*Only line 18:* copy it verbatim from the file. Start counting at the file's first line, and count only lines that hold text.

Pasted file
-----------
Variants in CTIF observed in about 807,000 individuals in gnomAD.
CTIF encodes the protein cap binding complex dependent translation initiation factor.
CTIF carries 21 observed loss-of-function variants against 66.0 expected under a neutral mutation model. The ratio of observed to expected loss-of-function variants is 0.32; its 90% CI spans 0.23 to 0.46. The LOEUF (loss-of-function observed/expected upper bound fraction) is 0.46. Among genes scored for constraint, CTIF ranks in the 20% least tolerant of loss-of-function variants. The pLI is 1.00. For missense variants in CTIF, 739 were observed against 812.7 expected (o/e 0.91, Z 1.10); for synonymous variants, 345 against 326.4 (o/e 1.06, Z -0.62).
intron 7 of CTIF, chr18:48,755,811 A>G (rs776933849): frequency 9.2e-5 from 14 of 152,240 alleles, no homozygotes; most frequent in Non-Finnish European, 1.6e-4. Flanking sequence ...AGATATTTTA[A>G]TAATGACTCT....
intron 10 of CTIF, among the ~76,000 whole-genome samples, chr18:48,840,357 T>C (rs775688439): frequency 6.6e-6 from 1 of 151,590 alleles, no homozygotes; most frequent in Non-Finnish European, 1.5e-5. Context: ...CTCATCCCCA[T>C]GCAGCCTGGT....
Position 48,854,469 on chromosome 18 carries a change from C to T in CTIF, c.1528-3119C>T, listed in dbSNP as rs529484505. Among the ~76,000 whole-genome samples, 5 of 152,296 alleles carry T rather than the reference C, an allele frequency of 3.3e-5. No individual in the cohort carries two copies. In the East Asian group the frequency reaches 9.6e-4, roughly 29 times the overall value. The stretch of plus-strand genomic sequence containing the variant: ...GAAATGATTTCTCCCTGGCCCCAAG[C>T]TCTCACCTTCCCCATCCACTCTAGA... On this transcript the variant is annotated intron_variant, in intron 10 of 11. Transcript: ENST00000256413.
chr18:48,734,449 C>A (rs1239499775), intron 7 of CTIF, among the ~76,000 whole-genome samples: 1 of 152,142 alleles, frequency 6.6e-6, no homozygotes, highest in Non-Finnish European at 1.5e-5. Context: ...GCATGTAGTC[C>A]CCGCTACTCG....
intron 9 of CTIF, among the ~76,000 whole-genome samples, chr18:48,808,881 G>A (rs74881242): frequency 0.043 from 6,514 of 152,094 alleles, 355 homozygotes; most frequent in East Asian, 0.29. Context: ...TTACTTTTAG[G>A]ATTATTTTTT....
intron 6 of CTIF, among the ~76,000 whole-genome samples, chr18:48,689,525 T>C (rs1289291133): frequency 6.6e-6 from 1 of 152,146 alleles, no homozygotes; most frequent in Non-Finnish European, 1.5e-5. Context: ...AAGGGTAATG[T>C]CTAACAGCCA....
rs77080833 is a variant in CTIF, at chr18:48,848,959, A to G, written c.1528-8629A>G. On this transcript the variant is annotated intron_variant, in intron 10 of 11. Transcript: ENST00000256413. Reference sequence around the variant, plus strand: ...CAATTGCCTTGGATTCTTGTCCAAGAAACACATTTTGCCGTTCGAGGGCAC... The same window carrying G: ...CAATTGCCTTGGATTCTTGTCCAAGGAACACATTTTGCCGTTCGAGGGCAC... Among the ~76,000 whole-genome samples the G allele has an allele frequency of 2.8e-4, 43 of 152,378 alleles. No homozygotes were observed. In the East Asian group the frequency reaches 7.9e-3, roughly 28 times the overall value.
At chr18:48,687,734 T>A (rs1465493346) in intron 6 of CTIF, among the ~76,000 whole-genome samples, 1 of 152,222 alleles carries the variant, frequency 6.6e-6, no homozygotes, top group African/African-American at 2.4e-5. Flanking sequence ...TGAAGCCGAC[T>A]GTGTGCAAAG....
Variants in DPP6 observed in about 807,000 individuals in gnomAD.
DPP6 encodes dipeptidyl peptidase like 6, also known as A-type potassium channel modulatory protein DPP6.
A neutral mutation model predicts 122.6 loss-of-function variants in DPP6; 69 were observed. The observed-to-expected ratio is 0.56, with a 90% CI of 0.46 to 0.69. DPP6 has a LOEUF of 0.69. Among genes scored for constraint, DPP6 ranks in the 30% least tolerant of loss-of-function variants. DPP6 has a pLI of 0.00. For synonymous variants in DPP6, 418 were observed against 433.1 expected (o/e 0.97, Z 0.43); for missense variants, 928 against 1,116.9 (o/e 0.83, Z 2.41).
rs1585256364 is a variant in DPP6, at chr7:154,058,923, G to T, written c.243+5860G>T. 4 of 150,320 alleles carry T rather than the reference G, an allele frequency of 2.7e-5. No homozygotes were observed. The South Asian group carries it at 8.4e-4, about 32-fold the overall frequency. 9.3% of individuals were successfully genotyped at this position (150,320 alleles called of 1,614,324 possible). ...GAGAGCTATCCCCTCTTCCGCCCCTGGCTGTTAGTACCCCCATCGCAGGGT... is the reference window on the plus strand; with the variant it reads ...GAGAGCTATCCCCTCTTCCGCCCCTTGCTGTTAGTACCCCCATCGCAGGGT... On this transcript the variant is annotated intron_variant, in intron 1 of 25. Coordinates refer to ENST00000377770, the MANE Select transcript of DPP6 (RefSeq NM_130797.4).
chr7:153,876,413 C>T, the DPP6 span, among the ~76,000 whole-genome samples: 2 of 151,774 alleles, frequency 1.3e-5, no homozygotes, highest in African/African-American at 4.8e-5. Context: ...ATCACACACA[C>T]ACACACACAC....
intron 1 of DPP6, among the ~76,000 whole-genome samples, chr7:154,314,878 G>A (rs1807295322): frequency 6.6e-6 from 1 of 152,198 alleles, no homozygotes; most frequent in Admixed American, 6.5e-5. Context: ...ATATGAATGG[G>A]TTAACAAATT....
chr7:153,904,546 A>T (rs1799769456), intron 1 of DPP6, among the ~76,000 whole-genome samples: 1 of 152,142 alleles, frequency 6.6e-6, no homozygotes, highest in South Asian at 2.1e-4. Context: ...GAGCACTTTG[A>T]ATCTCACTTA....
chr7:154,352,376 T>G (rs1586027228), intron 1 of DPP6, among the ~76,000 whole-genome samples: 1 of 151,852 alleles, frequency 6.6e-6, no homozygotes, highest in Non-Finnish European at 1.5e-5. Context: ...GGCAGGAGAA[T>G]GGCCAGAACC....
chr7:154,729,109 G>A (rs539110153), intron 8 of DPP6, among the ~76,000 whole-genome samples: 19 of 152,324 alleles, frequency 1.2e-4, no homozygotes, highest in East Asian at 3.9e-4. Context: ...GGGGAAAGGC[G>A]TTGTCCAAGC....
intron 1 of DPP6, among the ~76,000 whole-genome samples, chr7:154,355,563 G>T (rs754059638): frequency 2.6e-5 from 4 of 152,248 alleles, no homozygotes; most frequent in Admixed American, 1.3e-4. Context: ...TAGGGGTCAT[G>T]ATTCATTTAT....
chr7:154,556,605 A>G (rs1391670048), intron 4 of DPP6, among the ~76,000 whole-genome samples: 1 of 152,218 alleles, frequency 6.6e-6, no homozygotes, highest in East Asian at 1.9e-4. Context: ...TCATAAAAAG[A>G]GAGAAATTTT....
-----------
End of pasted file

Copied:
chr7:153,904,546 A>T (rs1799769456), intron 1 of DPP6, among the ~76,000 whole-genome samples: 1 of 152,142 alleles, frequency 6.6e-6, no homozygotes, highest in South Asian at 2.1e-4. Context: ...GAGCACTTTG[A>T]ATCTCACTTA....